Air France 447 serves as a tragic air carrier example of what happens when a whole crew was outside the automation loop and was unable to determine “what it is doing” in time to prevent the accident. The aircraft entered a stall and fell from the sky into the Atlantic Ocean taking all 228 souls on board with her.
Last, there is automaticity or what I call the “yes, dear” response. I am sure anyone who has a significant other, children, parents, close friends, etc., can relate to what I mean by this.
It is when routine tasks lead to an automatic response without any real consideration to what is being said or done. We just kind of mentally tap out and rote memory response takes over for a moment. We register that something is being said and automatically respond, but we don’t actually process what is being asked of us. In physical automaticity, the brain is no longer “conscious” enough to stop the automatic response of well-trained muscles, aka “muscle memory.”
One example of this is responding “roger” to a hold short, runway, or altitude change without actually processing what the new instructions were. Acknowledgement of an instruction does not always ensure understanding. A physical example would be in shutting down the engines instead of setting the parking brake when stopping in accordance with a line up and wait instruction (true story!).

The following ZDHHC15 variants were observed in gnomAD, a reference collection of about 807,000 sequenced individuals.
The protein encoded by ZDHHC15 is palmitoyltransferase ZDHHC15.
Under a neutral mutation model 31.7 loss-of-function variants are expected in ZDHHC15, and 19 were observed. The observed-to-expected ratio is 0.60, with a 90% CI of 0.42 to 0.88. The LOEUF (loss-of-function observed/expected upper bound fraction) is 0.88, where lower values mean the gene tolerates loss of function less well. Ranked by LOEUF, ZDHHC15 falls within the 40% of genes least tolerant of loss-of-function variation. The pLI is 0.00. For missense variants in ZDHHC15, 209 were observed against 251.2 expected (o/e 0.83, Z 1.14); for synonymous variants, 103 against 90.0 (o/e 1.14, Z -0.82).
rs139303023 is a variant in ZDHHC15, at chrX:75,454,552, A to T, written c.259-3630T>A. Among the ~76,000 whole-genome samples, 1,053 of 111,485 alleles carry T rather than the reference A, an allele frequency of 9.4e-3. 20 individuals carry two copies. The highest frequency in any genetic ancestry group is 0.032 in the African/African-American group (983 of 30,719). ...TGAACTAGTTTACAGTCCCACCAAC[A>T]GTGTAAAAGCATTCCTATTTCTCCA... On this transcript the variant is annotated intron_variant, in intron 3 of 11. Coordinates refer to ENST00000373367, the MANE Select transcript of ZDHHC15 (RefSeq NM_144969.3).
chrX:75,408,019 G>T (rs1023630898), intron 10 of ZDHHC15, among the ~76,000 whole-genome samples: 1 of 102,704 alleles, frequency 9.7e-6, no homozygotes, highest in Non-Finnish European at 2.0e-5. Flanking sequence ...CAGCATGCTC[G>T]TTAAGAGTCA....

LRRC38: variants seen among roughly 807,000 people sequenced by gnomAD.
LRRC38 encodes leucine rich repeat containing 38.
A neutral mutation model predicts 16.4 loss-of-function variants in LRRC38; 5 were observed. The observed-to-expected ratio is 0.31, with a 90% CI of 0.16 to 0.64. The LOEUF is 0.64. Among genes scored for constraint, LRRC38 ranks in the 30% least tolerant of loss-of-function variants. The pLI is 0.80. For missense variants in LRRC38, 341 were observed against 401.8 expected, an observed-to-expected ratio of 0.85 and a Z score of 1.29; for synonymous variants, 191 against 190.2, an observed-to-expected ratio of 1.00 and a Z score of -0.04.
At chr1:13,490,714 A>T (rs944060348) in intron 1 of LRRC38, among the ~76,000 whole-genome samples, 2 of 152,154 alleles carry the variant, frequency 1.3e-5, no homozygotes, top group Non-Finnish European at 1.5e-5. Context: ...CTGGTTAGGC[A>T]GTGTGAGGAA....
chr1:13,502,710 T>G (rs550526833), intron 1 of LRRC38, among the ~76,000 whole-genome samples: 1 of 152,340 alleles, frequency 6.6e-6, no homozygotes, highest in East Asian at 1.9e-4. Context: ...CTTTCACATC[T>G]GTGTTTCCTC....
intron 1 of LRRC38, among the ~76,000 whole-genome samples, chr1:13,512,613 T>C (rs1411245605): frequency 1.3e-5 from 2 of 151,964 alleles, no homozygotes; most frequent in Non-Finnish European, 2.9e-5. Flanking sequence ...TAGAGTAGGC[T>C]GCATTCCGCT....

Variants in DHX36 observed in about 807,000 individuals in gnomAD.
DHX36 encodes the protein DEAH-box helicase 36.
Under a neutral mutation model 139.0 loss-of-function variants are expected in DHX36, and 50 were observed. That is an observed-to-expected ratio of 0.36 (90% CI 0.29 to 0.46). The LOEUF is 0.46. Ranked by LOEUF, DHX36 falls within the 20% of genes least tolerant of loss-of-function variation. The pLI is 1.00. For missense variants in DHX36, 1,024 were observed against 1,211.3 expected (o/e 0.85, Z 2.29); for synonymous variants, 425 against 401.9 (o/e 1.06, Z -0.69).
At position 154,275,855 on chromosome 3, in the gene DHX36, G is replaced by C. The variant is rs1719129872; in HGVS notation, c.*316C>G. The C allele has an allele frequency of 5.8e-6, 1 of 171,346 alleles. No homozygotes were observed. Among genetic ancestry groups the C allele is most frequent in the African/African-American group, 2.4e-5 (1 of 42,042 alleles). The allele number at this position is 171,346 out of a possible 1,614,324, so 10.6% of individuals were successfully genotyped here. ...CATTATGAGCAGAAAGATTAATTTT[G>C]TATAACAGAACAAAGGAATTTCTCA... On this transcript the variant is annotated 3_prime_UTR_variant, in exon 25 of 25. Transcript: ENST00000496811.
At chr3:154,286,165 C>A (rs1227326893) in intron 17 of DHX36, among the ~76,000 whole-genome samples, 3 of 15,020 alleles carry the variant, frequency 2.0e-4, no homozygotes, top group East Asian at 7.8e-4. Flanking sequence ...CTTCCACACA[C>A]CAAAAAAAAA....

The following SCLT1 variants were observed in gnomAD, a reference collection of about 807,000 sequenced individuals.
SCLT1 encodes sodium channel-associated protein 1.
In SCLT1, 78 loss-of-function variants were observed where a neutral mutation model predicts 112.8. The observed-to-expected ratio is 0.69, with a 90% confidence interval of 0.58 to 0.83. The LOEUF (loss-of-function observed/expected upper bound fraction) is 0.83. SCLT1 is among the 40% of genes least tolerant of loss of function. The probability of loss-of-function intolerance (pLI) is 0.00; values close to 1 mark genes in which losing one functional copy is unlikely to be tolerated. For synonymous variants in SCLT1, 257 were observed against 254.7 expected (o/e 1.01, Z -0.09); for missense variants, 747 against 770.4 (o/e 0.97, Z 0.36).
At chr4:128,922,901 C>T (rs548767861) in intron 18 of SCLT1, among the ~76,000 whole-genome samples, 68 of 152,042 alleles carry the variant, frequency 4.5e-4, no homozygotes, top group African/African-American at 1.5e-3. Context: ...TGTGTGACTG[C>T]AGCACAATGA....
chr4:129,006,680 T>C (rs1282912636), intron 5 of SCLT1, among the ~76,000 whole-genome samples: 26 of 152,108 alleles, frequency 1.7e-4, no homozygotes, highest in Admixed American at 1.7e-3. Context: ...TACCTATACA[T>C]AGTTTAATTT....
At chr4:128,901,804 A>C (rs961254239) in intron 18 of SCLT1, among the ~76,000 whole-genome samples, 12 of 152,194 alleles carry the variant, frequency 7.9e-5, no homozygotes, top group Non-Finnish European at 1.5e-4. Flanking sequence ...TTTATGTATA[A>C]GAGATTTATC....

I Get Bias (With a Little Help from My Friends)
One of my favorite quotes of all time is from Douglas Wiegmann and Scott Shappell, two preeminent Human Factors (HF) researchers in the industry and in academia. They said that human beings by their very nature make mistakes; therefore, it is unreasonable to expect error-free human performance. It is a concept that my fellow HF contemporaries and I have taken to heart. For us, understanding how bias is likely to affect pilots helps us see the bigger picture better and helps us to create mitigations that prevent the inevitable human error from becoming an accident.